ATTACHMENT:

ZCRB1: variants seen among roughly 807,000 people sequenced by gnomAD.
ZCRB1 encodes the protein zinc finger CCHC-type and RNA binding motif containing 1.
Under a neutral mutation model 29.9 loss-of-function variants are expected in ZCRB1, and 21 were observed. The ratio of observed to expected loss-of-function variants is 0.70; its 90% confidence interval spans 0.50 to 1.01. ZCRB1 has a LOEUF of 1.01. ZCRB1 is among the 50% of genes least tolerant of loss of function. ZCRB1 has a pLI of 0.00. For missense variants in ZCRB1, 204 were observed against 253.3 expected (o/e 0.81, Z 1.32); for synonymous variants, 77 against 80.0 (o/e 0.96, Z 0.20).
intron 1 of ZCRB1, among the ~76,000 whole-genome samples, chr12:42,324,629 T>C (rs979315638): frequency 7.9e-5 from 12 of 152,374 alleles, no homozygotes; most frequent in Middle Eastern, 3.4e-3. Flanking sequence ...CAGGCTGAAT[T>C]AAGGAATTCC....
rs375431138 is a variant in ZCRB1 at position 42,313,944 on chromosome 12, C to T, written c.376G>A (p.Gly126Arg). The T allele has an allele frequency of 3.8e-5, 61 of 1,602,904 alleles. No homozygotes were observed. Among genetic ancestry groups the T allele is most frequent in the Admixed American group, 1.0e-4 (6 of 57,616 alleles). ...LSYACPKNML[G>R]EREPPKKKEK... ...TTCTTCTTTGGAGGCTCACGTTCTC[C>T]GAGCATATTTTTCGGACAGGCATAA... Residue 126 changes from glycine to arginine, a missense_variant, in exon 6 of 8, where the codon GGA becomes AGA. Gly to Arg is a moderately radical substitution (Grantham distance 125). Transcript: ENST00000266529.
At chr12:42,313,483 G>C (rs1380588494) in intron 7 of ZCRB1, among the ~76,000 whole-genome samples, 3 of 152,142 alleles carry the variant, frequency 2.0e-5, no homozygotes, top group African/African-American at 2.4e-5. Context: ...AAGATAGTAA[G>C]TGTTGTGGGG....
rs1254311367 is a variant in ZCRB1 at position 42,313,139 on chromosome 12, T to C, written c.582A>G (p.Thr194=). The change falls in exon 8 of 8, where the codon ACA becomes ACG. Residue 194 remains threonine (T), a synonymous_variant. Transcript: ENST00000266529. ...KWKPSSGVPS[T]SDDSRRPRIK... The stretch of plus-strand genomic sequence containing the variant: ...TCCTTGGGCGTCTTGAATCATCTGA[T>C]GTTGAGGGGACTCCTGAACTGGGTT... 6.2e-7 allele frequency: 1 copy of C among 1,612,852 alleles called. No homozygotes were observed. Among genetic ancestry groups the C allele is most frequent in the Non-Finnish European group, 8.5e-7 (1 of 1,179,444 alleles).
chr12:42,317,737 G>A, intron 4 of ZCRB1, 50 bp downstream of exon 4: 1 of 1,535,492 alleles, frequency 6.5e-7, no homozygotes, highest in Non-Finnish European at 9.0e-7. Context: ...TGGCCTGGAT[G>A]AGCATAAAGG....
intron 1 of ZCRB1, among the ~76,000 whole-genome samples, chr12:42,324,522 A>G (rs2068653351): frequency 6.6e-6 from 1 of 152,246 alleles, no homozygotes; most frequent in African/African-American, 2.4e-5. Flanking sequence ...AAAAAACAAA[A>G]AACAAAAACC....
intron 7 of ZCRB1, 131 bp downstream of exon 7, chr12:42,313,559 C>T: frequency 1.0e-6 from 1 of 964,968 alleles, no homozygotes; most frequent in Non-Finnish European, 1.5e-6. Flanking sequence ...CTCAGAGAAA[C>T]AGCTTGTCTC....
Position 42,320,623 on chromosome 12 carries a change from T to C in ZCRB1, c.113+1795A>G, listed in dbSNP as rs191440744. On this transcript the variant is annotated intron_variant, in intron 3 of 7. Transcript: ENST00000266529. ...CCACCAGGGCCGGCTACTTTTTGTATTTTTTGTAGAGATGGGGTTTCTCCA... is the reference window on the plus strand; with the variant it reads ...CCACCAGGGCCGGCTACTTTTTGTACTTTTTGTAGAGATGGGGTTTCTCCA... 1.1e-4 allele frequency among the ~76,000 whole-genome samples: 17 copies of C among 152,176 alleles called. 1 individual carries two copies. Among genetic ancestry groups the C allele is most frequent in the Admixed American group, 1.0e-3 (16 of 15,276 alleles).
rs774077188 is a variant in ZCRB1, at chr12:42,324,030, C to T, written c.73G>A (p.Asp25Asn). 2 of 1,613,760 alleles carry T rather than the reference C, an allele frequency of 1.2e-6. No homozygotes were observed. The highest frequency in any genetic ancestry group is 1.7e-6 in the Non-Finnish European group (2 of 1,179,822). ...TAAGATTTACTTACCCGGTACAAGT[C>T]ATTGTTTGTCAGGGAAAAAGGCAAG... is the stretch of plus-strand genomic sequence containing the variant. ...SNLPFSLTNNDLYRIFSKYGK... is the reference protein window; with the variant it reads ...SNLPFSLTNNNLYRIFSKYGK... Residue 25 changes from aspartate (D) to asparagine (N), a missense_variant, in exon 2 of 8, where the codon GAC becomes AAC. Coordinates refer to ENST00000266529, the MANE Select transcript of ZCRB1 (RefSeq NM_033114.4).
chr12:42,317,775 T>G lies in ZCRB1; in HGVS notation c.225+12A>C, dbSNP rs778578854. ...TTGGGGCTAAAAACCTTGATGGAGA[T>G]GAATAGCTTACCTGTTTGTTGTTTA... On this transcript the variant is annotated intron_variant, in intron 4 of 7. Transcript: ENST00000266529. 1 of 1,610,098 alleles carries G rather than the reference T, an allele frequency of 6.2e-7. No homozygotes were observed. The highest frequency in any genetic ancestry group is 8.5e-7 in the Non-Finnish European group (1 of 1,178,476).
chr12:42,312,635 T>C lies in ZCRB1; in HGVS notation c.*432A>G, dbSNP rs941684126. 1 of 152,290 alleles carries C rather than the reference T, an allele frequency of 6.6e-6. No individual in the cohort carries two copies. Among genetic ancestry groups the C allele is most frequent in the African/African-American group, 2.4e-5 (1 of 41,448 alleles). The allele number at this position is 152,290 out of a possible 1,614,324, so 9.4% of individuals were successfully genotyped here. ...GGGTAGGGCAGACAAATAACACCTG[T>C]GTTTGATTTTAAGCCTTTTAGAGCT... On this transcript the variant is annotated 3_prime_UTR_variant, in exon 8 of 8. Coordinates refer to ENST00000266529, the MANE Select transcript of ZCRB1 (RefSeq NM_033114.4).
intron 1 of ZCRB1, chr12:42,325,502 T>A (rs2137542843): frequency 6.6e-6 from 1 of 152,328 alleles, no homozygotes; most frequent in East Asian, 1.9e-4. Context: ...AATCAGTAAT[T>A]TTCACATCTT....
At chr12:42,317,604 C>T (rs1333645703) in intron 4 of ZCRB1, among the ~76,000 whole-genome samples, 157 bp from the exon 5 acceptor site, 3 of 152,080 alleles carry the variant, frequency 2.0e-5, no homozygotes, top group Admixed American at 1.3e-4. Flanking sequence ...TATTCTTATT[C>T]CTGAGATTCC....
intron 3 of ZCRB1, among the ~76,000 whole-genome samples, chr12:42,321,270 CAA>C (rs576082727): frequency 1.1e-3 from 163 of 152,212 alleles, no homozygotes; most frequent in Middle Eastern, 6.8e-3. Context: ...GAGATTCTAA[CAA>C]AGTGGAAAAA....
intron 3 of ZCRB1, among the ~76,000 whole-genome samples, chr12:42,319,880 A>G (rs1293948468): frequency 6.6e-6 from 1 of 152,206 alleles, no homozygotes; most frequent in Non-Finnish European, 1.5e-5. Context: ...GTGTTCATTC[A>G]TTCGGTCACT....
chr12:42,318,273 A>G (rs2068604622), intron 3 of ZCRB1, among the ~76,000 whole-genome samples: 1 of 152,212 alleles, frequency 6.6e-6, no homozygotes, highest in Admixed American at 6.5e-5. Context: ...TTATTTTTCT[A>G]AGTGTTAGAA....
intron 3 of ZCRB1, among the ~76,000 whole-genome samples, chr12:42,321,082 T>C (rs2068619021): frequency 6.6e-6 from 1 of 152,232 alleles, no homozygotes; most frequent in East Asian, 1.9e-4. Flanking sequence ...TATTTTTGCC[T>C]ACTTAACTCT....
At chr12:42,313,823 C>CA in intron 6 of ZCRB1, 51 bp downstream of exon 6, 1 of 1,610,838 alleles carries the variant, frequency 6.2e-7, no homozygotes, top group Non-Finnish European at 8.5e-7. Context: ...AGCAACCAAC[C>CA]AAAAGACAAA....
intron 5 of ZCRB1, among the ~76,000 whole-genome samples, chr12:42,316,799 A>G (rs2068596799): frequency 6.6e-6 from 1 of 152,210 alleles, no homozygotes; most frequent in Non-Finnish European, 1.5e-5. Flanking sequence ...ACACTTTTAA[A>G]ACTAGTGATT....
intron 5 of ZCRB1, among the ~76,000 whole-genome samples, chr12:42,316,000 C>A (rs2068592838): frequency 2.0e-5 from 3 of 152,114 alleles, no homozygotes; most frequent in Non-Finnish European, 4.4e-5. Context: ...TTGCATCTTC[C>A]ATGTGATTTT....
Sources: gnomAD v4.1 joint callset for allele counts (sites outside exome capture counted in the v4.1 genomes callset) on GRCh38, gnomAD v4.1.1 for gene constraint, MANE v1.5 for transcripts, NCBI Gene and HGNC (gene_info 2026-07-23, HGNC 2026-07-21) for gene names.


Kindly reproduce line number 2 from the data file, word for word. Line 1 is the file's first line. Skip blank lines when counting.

ZCRB1 encodes the protein zinc finger CCHC-type and RNA binding motif containing 1.